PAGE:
Blog Archive

Tuesday, August 31, 2010

Easy to blame `foreigners'

The Miami Herald
August 29, 2010

Last week in New York, the police arrested a 17-year-old, charging him with robbery and menacing activities as hate crimes. According to police, the youngster, wielding a knife and yelling anti-Mexican slurs, attacked a 15-year-old Mexican boy to steal his iPod.

Earlier this month, a grand jury indicted a 17-year-old on four charges of assault and robbery as hate crimes. The youngster attacked an 18-year-old to steal $10 while hurling anti-Mexican insults.

The attacks are the latest in a wave of crimes this spring and summer against Mexicans in Staten Island, one of the four boroughs of New York, the most diverse city in the nation and one that boasts of a legendary tolerance for newcomers.

After all, this is the city that served as a port of entry to thousands of immigrants -- primarily, but not exclusively, from Europe -- during the late 1800's into the early years of the 20th century. This is also the city that still beckons immigrants with its Statue of Liberty and its implicit promise that if you can make it here, you can make it anywhere.

It is now clear that a handful of people from here and there are tolerable for New Yorkers of a certain disposition. An exotic accent, a scarf wrapped around the head, a long tunic, or a dark skin tone add to the flavor and the myth of the city. But too many of one group makes other groups nervous, it seems. In Port Richmond, where 11 Mexican men have been attacked since April, the majority of the students at the local public school were once black. Now, the majority are Latinos; mostly Mexican.

In these times of economic uncertainty -- the stock market continues to plunge, home sales are down and unemployment remains stubbornly high -- it is easy to blame the ``other'' for all that ails the country. Neighbors of the boy most recently arrested in Staten Island told WABC reporters the attack was not motivated by racial hatred but by grim economic realities. ``I don't think it's a hate crime, it's just a recession out there.''

In America, when the pie shrinks, no one wants to cede a piece to a "foreigner'' -- be it a German, Chinese or Mexican. As early as the late 1840's, during the years of the California Gold Rush, laws were passed ordering all foreigners to vacate certain mining areas. For years, Germans were a target (Benjamin Franklin once wrote that Germans were of the "stupid sort''); then, the tide turned against Catholics in general (priests had to hide their collar to walk the streets of Maine, New York and Boston where mobs attacked them or their churches); and Italians were once considered unacceptably dark.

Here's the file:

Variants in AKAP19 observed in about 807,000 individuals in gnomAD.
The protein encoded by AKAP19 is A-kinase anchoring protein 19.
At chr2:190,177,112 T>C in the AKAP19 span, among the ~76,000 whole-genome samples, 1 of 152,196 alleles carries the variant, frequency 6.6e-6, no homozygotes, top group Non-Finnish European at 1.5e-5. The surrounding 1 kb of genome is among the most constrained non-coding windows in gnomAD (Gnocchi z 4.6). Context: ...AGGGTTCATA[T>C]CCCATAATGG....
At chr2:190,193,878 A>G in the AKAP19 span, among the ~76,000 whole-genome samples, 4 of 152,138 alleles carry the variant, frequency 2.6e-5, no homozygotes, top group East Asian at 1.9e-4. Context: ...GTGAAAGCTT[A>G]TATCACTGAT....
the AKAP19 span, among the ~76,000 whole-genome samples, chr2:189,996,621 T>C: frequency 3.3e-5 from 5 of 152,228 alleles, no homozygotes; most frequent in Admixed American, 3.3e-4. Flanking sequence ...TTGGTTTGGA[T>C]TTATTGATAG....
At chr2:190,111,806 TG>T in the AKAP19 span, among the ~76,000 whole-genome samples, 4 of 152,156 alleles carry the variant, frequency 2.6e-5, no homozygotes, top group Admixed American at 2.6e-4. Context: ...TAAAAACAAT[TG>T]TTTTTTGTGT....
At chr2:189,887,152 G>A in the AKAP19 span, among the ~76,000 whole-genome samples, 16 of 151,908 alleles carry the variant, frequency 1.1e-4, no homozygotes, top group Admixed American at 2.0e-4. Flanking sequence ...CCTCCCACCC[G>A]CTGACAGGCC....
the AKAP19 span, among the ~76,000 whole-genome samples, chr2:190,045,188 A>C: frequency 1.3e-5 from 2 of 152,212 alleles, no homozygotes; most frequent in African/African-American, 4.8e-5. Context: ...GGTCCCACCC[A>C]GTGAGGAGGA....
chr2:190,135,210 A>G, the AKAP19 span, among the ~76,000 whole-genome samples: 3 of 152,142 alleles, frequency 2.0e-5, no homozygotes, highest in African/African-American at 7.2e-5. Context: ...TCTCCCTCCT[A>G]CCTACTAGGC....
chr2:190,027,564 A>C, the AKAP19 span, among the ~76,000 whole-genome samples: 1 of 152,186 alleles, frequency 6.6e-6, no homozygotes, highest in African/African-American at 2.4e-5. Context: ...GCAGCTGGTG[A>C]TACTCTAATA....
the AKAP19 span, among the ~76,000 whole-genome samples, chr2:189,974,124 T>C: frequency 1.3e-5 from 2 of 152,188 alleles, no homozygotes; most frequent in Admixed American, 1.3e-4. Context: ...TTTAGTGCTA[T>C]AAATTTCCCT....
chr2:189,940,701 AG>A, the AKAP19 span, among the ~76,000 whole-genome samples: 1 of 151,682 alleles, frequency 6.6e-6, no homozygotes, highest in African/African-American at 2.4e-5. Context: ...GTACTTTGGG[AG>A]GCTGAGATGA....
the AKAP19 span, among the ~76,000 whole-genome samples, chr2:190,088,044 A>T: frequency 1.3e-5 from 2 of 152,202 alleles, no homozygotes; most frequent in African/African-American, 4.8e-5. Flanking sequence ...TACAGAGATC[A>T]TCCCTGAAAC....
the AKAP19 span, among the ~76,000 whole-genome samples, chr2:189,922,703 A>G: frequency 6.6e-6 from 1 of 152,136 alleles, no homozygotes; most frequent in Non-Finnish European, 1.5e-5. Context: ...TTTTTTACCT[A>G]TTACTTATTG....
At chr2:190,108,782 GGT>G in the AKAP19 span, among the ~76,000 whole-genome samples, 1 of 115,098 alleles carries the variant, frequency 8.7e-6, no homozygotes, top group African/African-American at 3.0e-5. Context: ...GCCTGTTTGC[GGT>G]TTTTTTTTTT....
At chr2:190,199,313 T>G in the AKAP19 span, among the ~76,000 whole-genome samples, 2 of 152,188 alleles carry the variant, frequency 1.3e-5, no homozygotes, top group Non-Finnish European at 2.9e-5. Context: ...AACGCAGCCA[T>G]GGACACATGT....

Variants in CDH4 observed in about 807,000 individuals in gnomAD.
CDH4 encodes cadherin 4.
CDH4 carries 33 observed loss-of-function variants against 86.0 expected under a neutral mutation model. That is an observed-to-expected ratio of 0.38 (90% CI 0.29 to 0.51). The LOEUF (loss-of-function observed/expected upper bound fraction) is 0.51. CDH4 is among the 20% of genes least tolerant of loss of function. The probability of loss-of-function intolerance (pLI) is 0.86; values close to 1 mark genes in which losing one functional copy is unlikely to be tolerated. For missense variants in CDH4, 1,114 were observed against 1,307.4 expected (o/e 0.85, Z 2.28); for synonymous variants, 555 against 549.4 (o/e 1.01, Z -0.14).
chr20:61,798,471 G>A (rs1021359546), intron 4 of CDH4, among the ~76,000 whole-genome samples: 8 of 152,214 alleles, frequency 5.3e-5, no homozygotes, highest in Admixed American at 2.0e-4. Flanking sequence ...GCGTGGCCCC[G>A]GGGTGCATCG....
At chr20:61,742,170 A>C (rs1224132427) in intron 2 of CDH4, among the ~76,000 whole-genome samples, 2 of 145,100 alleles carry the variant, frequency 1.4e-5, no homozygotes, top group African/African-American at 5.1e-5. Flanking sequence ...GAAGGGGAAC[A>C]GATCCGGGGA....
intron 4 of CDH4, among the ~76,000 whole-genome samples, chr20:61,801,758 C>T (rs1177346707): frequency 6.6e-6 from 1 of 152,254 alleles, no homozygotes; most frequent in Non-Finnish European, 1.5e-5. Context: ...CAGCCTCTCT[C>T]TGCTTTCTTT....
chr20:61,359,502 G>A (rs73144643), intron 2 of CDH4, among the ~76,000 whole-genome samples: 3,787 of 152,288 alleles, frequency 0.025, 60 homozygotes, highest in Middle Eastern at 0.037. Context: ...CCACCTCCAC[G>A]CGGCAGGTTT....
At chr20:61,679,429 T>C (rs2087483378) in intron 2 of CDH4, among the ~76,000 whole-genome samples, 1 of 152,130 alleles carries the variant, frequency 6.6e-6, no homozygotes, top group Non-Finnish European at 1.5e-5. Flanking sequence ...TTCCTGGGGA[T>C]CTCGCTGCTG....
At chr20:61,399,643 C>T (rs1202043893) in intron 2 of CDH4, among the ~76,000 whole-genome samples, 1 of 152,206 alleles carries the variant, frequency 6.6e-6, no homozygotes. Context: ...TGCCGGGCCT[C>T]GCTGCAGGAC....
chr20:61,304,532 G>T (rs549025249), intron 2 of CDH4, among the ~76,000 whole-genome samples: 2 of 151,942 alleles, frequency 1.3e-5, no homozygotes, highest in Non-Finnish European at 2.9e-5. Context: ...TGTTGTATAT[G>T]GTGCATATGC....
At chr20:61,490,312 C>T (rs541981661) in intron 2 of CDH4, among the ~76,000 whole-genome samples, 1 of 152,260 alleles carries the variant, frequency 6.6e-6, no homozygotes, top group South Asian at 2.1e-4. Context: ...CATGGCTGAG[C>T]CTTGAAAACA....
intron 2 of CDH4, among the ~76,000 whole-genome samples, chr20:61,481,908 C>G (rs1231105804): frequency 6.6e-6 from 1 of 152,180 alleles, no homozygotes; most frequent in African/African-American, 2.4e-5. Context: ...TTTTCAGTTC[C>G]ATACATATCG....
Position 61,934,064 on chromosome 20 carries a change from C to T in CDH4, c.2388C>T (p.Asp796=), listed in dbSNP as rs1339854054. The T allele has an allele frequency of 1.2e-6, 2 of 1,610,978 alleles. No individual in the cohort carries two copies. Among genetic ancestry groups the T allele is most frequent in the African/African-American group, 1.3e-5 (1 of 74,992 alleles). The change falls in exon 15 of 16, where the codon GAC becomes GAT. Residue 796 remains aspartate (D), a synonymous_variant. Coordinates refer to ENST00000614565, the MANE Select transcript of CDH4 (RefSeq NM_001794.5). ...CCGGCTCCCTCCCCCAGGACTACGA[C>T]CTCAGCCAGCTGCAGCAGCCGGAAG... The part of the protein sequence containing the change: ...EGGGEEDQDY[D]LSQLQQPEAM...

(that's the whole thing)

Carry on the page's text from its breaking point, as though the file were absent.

In the early years of the 20th century, as the country was at war and, later, battling the Great Depression, acts of violence against Latinos became almost common place. Between the years 1900-1936, there were 174 incidents of civilian violence toward Mexicans in the United States, most of them in Texas, according to Francisco Arturo Rosales's book, Pobre Raza!: Violence, Justice, and Mobilization Among Mexico Lindo Immigrants, 1900-1936.

Later, between the years of 1954 and 1959, more than 3.7 million Latinos were deported, most of them without due process. The massive round ups and deportations were based on physical appearances. If border patrol officers thought a person "looked Mexican,'' whatever that means, the person was deported to Mexico. Non-Latinos and many non-Mexicans ended up on the other side of the Rio Grande.

Thirty-five years later, the passage of Proposition 187 in California in 1994 gave rise to a 23.5 percent increase of hate crimes against Latinos in the Los Angeles area. In 2000, in Farmingville, New York, two white men stabbed and beat two Mexican day laborers after luring them to a warehouse with promises of work. Three years later, in the same town, five teenagers torched the home of five Mexican immigrants.

And the list goes on: killings or attacks have recently been reported in Arizona, New York, New Jersey, Georgia, Texas, Utah and, yes, even Florida (in September 30, 2007, Jose Gonzales, a U.S. citizen in Avon Park returned home to find his car and garage destroyed by a fire set by an arsonist who also spray-painted an obscenity against Puerto Rico on the garage walls. No arrests were made).

Lest some of us think we are safe because we are bilingual, educated, non-Mexican and legal residents or even U.S. citizens, consider the case of Pedro Corzo, a 35-year-old Cuban-born regional manager for Del Monte Fresh Produce. In January 9, 2004, Corzo was gunned down in Dateland, Ariz. The killers -- two cousins ages 16 and 24 -- were traveling through remote sections of southern Arizona with the specific intent of killing Mexicans at random.

In the eyes of the new nativists, we are all Mexicans. foreigners.html#ixzz0y0ANVDla